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Varactor diode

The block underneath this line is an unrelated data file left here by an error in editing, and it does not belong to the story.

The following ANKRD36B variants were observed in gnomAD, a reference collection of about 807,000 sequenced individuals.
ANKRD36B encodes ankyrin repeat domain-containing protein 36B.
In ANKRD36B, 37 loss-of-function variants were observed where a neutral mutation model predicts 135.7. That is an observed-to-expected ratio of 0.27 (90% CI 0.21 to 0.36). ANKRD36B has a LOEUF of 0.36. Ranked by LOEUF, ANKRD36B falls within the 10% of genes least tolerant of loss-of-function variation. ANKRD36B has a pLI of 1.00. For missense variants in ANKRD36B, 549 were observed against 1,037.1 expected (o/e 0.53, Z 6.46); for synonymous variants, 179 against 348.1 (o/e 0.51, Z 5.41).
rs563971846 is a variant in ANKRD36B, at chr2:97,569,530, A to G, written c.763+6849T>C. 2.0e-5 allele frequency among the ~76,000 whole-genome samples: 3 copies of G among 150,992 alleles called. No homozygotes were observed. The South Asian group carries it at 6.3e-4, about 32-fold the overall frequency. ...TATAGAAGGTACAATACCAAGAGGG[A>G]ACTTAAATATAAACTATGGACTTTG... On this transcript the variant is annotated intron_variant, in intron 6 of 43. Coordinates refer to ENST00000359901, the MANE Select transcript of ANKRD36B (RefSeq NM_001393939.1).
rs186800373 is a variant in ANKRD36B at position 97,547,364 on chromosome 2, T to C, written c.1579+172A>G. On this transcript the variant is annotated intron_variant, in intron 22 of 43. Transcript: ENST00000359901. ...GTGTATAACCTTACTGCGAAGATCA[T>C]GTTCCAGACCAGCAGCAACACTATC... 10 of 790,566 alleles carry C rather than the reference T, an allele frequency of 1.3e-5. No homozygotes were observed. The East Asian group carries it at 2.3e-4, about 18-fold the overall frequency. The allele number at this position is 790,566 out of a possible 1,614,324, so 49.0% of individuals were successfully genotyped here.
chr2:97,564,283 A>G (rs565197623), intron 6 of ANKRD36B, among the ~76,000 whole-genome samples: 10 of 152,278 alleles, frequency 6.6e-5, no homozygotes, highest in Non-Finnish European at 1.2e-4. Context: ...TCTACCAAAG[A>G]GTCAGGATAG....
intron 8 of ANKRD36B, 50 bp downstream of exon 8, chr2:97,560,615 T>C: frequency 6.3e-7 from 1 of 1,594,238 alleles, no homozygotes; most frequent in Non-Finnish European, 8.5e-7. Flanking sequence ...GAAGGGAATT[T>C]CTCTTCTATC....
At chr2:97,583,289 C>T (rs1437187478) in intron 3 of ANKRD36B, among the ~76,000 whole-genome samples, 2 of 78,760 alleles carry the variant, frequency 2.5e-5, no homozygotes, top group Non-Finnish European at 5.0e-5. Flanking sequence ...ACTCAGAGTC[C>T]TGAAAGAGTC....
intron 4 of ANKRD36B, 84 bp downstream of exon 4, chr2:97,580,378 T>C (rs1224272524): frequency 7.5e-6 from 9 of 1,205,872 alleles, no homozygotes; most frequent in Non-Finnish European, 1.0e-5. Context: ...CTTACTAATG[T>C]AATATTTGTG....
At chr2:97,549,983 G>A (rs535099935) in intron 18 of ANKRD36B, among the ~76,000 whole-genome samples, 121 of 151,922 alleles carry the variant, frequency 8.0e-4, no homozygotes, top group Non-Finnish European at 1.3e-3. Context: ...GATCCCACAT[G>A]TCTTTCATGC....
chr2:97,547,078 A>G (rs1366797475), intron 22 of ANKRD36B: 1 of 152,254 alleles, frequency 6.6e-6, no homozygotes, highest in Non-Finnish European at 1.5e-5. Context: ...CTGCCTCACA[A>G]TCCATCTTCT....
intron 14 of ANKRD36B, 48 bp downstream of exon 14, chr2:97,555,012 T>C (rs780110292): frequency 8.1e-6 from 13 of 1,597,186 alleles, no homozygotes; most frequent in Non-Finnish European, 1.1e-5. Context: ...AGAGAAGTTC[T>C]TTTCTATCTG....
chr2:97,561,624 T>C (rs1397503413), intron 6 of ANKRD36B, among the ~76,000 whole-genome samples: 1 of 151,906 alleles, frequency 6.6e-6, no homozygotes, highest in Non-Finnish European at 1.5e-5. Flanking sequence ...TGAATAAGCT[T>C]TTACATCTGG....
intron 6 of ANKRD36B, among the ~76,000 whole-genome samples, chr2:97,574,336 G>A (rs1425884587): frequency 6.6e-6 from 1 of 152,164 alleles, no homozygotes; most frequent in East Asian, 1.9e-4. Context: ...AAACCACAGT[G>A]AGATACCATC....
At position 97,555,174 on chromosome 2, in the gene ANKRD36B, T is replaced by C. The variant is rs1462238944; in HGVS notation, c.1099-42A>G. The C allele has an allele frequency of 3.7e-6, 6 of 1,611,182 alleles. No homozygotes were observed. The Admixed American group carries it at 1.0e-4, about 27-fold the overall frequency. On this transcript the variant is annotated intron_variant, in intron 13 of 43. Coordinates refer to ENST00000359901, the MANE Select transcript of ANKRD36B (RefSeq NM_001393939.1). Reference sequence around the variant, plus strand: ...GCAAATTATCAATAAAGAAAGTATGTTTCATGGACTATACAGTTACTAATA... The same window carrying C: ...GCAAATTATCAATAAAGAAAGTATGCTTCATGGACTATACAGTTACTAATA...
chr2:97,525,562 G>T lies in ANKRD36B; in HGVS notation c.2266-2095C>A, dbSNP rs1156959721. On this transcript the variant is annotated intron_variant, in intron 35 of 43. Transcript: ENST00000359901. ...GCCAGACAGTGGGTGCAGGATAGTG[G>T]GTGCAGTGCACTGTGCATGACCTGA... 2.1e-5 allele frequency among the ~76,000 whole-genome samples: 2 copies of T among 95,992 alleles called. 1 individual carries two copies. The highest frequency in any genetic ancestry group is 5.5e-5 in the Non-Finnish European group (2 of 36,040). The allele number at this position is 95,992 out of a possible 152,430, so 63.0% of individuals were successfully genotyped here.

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  • 1. APPLICATION NOTEVaractor DiodesIntroduction each with a junction capacitance of 0.5 pF (CJ = 0.5 pF) areA varactor diode is a P-N junction diode that changes its capaci- assembled together in one package which has a parasitictance and the series resistance as the bias applied to the diode capacitance of 0.15 pF (CP = 0.15 pF) and a parasitic inductanceis varied. The property of capacitance change is utilized to of 0.5 nH (Lp = 0.5 nH). The model for this case may beachieve a change in the frequency and/or the phase of an represented by two diodes with total capacitance of 0.65 pFelectrical circuit. A simple model of a packaged varactor diode is each (CJ + CP = 0.5 +0.15) in parallel or in series dependingshown below: on the configuration. The inductance of 0.5 nH would appear in series with the entire assembly. LP Key Electrical Parameters The key electrical parameters guiding the selection and usage of a varactor diode are G Reverse breakdown voltage and reverse leakage current. CP CJ (V) G Capacitance value and the capacitance-voltage change behavior. RS (V) G Quality factor (also known as figure of merit), Q. Reverse Breakdown Voltage and Reverse Leakage Current The reverse breakdown voltage (VB) and the reverse leakageIn the above figure, CJ (V) is the variable junction capacitance current (IR) are typically measures of the intrinsic quality of theof the diode die and RS (V) is the variable series resistance of semiconductor diode. Their effect on the frequency or phasethe diode die. CP is the fixed parasitic capacitance arising from tuning behavior is only indirect and of secondary importance. Thethe installation of the die in a package. Contributors to the para- IV characteristics of a good-quality diode and a weak diode aresitic capacitance are the package material, geometry and the depicted in the following figure.bonding wires or ribbons. These factors also contribute to theparasitic inductance LP. The contribution to the series resistancefrom the packaging is very small and may be ignored. Similarly,the inductance associated with the die itself is very small and Sharp Good Diodemay be ignored. BreakdownVariation of the junction capacitance and the junction seriesresistance as a function of applied reverse voltage is reported VRin the individual varactor data sheets of this catalog. Weak Diode IRA common package configuration is to assemble two junctionsin one package in a common cathode or common anode Softconfiguration. An empirical model for this dual configuration Breakdownassumes the same value of parasitic capacitance in parallel witheach junction die as for a single junction assembly. On the otherhand, the parasitic inductance LP may be assumed to becommon for the assembly. For example, suppose two junctions Skyworks Solutions, Inc. • Phone [781] 376-3000 • Fax [781] 376-3100 • sales@skyworksinc.com • www.skyworksinc.com 200824 Rev. A • Skyworks Proprietary Information • Products and Product Information are Subject to Change Without Notice. • August 15, 2008 1